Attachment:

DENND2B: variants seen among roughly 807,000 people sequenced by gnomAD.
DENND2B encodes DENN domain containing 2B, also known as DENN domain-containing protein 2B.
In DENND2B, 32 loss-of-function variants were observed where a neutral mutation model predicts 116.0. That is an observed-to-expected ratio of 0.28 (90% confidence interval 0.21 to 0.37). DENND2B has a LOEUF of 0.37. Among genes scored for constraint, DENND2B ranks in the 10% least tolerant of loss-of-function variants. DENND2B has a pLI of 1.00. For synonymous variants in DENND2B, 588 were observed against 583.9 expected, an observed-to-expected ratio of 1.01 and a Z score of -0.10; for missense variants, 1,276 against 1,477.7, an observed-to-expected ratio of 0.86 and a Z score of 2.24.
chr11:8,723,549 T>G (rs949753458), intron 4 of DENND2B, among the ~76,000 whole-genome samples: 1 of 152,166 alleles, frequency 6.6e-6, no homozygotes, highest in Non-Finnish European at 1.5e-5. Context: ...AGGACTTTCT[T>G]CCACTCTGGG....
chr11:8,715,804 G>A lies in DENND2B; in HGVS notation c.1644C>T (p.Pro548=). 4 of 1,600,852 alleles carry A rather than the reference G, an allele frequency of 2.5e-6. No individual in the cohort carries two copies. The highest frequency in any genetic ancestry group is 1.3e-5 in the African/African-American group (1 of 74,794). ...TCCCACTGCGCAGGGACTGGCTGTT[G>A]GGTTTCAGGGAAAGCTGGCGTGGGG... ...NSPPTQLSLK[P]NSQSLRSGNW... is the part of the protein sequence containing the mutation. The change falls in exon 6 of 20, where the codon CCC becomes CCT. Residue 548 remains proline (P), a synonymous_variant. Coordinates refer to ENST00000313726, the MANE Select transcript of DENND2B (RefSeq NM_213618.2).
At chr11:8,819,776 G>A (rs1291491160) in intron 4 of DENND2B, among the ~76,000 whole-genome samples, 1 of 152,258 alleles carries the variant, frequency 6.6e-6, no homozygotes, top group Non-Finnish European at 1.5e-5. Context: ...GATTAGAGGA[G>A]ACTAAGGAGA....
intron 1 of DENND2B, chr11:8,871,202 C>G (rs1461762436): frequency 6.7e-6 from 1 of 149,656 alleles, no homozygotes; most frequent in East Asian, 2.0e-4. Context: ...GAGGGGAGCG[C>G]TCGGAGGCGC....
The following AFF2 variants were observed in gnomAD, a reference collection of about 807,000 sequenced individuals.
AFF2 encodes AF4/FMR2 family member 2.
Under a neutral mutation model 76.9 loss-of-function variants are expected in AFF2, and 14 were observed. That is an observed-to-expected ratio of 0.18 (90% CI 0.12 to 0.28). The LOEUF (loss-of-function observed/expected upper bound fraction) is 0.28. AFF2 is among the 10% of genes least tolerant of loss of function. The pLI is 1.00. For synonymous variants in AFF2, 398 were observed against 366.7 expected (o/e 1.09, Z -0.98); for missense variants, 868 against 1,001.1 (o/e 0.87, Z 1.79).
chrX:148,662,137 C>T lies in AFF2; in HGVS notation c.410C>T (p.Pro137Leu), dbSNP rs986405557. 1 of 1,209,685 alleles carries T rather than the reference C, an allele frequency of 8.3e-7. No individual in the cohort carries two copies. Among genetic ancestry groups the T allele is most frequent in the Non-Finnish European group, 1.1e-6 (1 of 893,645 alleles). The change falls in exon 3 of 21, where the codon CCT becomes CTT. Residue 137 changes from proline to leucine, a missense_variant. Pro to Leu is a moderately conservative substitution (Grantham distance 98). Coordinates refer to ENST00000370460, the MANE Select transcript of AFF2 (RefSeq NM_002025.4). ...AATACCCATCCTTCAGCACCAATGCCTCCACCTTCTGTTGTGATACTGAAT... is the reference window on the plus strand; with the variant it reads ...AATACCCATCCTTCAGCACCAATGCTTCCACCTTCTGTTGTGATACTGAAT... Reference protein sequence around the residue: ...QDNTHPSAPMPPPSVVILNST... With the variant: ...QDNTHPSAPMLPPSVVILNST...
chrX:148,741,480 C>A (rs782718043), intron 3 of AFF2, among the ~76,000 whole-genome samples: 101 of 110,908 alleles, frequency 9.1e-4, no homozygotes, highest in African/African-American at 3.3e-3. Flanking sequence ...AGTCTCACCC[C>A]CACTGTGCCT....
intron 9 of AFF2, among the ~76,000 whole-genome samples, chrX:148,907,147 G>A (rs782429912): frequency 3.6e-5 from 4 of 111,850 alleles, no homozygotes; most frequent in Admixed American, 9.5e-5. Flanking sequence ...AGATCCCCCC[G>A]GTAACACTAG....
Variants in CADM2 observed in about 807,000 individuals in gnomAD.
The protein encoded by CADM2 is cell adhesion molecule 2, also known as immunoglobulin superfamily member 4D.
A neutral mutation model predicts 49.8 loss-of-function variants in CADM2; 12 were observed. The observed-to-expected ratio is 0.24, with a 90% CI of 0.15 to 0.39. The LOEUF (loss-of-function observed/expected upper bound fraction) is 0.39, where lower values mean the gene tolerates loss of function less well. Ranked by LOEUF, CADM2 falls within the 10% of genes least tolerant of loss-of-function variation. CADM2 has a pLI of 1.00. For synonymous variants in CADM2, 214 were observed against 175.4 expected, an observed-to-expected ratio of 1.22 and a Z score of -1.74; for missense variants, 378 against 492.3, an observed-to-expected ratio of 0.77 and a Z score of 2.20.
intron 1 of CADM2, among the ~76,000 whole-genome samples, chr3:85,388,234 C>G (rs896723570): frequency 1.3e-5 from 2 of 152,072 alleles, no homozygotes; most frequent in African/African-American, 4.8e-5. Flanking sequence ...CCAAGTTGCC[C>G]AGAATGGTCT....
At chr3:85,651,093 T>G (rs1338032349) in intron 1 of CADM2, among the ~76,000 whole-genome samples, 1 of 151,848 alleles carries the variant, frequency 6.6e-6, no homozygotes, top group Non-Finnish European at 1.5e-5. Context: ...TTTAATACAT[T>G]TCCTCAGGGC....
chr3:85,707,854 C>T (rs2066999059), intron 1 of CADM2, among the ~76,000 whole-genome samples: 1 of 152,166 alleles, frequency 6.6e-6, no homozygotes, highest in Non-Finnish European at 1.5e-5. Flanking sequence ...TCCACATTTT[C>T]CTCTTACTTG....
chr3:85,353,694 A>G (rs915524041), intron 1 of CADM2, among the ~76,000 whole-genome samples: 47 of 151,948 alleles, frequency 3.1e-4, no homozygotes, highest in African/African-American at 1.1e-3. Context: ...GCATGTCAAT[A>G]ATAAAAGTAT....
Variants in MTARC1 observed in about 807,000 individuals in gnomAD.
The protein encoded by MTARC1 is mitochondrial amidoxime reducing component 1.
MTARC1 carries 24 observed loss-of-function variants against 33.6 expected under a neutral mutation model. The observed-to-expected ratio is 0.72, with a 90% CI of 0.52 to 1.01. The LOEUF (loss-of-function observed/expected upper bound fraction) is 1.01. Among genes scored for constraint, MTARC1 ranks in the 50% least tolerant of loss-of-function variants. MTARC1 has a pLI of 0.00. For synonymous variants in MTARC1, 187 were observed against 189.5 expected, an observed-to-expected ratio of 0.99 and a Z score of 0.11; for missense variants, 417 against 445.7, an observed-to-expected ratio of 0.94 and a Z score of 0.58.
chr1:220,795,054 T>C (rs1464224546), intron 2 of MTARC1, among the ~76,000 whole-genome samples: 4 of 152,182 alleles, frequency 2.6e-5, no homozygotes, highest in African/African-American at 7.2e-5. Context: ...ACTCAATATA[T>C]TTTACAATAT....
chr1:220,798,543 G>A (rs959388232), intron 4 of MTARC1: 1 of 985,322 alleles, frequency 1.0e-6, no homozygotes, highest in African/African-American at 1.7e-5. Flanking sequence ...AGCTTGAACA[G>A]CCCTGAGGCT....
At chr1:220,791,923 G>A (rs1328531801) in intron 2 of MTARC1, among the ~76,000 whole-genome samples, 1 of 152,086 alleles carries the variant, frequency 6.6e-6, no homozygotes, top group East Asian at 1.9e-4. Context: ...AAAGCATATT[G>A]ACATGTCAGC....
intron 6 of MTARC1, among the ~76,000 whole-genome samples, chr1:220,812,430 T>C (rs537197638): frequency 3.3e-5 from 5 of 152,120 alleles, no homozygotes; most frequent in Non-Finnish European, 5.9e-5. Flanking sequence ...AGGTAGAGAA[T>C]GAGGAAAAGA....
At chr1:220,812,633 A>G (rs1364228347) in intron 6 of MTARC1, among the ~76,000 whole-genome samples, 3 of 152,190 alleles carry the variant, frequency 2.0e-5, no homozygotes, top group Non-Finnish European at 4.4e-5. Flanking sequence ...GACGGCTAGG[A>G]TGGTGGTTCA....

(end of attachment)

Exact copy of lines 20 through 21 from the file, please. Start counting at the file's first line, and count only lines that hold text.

chr3:85,353,694 A>G (rs915524041), intron 1 of CADM2, among the ~76,000 whole-genome samples: 47 of 151,948 alleles, frequency 3.1e-4, no homozygotes, highest in African/African-American at 1.1e-3. Context: ...GCATGTCAAT[A>G]ATAAAAGTAT....
Variants in MTARC1 observed in about 807,000 individuals in gnomAD.